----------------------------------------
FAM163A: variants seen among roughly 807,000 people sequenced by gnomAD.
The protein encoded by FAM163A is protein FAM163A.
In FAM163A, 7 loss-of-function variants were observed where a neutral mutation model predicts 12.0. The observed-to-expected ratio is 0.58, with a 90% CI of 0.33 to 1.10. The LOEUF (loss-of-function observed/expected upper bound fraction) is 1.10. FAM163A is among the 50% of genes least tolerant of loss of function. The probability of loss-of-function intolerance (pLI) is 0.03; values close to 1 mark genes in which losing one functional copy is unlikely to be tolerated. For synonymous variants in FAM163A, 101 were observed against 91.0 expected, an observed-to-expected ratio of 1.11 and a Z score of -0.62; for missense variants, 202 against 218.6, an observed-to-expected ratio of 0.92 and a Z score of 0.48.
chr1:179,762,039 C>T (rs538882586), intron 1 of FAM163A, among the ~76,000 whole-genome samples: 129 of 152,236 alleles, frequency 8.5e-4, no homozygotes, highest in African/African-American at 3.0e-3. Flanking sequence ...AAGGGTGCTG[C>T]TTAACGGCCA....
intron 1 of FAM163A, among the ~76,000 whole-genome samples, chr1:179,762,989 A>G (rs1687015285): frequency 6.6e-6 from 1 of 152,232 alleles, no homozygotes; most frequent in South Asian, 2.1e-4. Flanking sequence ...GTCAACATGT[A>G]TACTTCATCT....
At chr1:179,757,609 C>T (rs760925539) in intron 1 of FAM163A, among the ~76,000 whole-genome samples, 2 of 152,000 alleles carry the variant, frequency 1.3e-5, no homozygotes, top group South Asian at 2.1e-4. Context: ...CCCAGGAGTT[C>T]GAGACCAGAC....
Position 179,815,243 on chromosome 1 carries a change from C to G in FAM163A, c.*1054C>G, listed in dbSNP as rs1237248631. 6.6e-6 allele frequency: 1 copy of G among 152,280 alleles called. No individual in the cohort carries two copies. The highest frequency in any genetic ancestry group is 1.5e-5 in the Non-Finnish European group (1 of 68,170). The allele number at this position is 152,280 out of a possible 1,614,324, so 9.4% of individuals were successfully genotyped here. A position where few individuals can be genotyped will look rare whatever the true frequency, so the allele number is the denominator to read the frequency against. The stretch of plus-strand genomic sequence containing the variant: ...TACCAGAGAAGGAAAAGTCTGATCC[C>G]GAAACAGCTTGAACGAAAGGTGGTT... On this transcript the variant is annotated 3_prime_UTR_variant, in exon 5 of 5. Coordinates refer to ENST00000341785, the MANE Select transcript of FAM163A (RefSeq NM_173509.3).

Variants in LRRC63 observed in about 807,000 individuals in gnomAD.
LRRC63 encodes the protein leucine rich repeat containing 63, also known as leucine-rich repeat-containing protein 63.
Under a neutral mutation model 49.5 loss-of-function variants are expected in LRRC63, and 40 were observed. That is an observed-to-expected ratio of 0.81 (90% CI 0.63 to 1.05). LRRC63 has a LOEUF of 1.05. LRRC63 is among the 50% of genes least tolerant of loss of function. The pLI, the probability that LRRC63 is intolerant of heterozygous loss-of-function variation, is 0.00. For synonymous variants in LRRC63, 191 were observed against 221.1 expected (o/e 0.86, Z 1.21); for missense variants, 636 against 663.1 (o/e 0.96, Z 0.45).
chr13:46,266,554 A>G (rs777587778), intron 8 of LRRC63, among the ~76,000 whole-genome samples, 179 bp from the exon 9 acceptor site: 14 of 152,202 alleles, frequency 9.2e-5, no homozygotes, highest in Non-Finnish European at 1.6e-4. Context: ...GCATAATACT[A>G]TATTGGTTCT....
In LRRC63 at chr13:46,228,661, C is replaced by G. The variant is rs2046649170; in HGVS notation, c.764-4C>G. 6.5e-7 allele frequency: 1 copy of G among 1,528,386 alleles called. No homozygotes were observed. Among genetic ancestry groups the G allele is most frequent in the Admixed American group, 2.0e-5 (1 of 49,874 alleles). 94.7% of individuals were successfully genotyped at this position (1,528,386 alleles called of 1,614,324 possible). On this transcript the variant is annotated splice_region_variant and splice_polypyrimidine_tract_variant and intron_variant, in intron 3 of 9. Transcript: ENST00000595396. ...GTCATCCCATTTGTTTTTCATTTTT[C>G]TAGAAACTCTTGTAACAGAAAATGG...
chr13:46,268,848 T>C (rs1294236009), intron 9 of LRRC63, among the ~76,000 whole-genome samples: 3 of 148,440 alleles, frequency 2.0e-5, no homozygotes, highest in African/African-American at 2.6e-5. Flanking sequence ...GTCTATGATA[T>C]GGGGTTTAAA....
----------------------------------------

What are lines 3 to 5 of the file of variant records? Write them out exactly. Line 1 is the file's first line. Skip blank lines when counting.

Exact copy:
In FAM163A, 7 loss-of-function variants were observed where a neutral mutation model predicts 12.0. The observed-to-expected ratio is 0.58, with a 90% CI of 0.33 to 1.10. The LOEUF (loss-of-function observed/expected upper bound fraction) is 1.10. FAM163A is among the 50% of genes least tolerant of loss of function. The probability of loss-of-function intolerance (pLI) is 0.03; values close to 1 mark genes in which losing one functional copy is unlikely to be tolerated. For synonymous variants in FAM163A, 101 were observed against 91.0 expected, an observed-to-expected ratio of 1.11 and a Z score of -0.62; for missense variants, 202 against 218.6, an observed-to-expected ratio of 0.92 and a Z score of 0.48.
chr1:179,762,039 C>T (rs538882586), intron 1 of FAM163A, among the ~76,000 whole-genome samples: 129 of 152,236 alleles, frequency 8.5e-4, no homozygotes, highest in African/African-American at 3.0e-3. Flanking sequence ...AAGGGTGCTG[C>T]TTAACGGCCA....
intron 1 of FAM163A, among the ~76,000 whole-genome samples, chr1:179,762,989 A>G (rs1687015285): frequency 6.6e-6 from 1 of 152,232 alleles, no homozygotes; most frequent in South Asian, 2.1e-4. Flanking sequence ...GTCAACATGT[A>G]TACTTCATCT....